I-24 interchange work at Chattanooga's South Broad district to start soon

Staff file photo / Mayor Andy Berke toured the old Wheland Foundry-U.S. Pipe site in 2017. The 141-acre site is seen as a linchpin in the redevelopment of the South Broad district.

Work to remake a key Interstate-24 interchange coming from Nashville into Chattanooga's South Broad district is slated to finally begin, officials said Tuesday.

The Tennessee Department of Transportation said construction will begin soon on the I-24 interchange at Broad and Market streets, improving access to the vacant Wheland Foundry and U.S. Pipe sites along with the South Broad corridor.

Mike Mallen, a partner at the company that owns the 141-acre foundry site, said it's expected the work will take three years to complete.

"It will take three years to improve the whole run of exits and make it user friendly and make it brand new," he said.

In 2013, TDOT said it was doing preliminary engineering and design work and some $3.7 million had been approved. But, the state agency said then that the rest of the work would need funding.

The agency then estimated $28 million for interstate widening and $9 million for the interchange work.

The road work is considered the biggest change in decades for motorists exiting I-24 to Chattanooga's Southside and Lookout Mountain.

Mallen said the foundry group continues to talk with potential developers of the site.

"We continue to feel very strongly that we want the property to be a gateway site to the city," he said. "For that reason, we've been very stubborn holding to the master plan."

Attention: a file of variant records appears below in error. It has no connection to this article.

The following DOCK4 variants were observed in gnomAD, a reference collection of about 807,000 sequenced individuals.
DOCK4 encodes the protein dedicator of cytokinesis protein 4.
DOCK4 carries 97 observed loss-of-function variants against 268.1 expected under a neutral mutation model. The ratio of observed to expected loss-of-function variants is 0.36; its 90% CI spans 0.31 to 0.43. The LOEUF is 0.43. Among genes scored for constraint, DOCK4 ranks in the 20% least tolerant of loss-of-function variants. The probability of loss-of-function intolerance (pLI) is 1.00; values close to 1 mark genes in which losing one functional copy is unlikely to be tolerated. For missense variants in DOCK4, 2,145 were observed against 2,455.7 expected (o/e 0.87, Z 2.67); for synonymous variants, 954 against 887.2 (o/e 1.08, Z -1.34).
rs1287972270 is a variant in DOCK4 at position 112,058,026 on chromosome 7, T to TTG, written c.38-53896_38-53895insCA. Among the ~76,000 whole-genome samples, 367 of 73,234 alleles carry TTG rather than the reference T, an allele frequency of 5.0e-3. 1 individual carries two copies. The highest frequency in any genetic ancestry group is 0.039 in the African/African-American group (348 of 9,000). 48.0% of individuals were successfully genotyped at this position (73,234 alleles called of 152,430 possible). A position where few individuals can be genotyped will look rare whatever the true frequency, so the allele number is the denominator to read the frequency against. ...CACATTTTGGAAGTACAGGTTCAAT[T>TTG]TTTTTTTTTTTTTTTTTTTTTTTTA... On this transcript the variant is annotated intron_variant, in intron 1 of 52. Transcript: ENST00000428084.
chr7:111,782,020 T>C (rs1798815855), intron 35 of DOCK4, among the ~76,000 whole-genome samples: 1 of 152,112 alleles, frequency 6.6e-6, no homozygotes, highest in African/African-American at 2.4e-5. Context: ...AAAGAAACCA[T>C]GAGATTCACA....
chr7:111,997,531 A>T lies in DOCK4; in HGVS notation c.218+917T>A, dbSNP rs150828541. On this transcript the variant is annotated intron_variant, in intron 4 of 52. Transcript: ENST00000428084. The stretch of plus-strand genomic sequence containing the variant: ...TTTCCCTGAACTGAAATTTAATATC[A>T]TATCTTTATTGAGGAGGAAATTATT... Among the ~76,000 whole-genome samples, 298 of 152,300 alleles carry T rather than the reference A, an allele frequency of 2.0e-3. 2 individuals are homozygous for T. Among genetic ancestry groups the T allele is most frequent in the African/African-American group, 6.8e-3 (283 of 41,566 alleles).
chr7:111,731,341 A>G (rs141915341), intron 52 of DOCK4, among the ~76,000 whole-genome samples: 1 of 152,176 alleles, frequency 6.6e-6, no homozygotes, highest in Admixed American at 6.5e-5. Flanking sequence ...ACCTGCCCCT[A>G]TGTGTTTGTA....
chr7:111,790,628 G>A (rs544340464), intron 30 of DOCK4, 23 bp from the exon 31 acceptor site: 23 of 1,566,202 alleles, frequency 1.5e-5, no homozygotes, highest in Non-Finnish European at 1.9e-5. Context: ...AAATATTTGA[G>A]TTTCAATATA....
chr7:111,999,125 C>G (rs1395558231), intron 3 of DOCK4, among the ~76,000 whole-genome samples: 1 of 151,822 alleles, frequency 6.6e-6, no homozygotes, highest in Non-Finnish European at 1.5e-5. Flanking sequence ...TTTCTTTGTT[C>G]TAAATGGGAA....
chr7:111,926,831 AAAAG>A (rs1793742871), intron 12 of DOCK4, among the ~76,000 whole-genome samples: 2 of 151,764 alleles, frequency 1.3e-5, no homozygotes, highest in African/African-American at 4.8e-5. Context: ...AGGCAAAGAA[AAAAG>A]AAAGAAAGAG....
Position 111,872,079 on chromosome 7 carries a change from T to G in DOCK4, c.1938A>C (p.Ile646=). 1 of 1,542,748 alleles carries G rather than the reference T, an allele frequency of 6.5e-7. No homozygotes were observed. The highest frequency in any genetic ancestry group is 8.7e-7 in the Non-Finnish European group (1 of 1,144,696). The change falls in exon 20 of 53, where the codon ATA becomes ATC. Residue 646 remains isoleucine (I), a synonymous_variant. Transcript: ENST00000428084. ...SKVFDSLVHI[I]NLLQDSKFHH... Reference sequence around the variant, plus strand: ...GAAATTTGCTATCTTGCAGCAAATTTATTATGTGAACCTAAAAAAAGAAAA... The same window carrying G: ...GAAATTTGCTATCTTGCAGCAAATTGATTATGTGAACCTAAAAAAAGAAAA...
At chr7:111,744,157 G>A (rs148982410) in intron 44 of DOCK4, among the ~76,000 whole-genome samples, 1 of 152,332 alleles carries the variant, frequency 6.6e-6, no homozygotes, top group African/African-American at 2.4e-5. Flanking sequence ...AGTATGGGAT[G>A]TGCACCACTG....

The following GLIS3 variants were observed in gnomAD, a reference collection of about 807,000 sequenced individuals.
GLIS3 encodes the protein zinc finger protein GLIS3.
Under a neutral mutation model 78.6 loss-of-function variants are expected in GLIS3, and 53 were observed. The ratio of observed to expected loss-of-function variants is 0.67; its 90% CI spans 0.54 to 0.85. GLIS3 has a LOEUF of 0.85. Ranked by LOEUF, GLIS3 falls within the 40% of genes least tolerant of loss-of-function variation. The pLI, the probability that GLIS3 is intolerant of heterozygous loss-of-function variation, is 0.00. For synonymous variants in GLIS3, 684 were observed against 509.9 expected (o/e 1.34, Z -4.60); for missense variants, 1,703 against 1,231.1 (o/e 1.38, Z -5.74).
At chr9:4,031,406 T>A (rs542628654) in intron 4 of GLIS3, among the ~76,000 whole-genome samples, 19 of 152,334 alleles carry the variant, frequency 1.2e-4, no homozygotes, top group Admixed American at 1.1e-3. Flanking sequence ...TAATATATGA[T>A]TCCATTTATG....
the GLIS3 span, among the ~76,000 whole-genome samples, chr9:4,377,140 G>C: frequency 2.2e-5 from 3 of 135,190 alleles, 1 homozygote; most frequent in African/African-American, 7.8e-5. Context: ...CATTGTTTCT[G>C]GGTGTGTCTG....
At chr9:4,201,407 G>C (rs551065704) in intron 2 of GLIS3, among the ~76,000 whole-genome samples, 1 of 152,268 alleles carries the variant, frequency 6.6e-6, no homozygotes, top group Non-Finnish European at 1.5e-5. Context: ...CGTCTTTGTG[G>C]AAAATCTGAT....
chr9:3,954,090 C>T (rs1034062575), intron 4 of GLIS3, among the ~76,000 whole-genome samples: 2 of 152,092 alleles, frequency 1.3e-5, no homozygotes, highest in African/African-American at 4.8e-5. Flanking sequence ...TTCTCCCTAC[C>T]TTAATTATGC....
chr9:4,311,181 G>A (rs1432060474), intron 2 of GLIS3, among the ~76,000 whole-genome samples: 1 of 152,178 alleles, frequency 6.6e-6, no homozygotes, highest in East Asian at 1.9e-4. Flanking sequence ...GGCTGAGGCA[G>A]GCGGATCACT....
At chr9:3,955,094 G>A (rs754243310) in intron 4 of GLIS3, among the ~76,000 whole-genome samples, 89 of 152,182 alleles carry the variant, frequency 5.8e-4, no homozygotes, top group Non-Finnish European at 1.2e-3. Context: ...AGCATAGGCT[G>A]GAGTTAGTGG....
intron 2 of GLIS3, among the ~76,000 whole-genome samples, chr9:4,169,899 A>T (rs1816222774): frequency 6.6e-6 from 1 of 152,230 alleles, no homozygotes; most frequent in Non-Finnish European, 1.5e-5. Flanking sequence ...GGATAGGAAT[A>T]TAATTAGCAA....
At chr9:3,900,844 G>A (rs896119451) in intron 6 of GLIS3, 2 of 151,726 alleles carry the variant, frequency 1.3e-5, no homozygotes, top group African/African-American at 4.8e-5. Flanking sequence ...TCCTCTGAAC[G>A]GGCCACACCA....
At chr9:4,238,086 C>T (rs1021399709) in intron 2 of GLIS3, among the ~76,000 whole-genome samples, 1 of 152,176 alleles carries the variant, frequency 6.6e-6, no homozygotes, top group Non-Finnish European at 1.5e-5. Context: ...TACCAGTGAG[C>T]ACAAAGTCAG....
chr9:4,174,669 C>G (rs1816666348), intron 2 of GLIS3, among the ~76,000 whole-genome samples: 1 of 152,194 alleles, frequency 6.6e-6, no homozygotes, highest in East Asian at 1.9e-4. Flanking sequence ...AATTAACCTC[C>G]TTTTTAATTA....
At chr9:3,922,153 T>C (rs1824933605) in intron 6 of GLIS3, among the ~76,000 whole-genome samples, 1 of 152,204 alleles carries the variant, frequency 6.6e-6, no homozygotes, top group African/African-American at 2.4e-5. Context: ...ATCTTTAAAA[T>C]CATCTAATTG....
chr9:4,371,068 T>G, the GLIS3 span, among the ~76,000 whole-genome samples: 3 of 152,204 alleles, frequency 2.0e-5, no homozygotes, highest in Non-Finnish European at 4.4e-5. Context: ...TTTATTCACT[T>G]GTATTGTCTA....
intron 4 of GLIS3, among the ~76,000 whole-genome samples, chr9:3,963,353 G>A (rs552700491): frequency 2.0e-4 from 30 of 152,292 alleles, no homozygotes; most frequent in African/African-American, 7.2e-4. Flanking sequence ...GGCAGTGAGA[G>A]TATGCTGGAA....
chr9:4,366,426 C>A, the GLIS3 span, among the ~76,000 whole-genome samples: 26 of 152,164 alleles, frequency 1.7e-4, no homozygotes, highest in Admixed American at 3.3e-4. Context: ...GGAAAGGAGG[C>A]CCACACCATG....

The South Broad District Plan, developed in 2018 by the city, is expected to guide future development in the area bounded by the foundry land, Howard School, I-24 and Chattanooga Creek.

The plan foresees an array of new housing along with commercial and retail space, upgraded parks, streets, sidewalks and other infrastructure, including a potential new minor league ballpark and entertainment facility to serve as a catalyst for development.

Gary Chazen, another partner at the company which owns the foundry site, said that as conversations with developers progress, the start of the interchange work is an important milestone.

"We are appreciative of TDOT's commitment to this project," he said.

Both Hamilton County Mayor Jim Coppinger and Chattanooga Mayor Andy Berke cited the interchange work.

"This new interchange will help lead to the revitalization of this part of Hamilton County," Coppinger said.

Berke said providing safe and effective connectivity is important for community access and enhancing economic development.

"The new interchange along I-24 will serve as a catalyst for the growth of this important site that will continue to enhance and expand the neighborhood's footprint," he said.

Last week, TDOT Commissioner Clay Bright visited the city to meet with local leaders and provide an update on the project.

Mallen said improving access to the foundry district and South Broad "will provide required certainty for development prospects and will move us closer to making our unwavering, long-standing vision for the former U.S. Pipe and Wheland site a reality."

Contact Mike Pare at mpare@timesfreepress.com. Follow him on Twitter @MikePareTFP.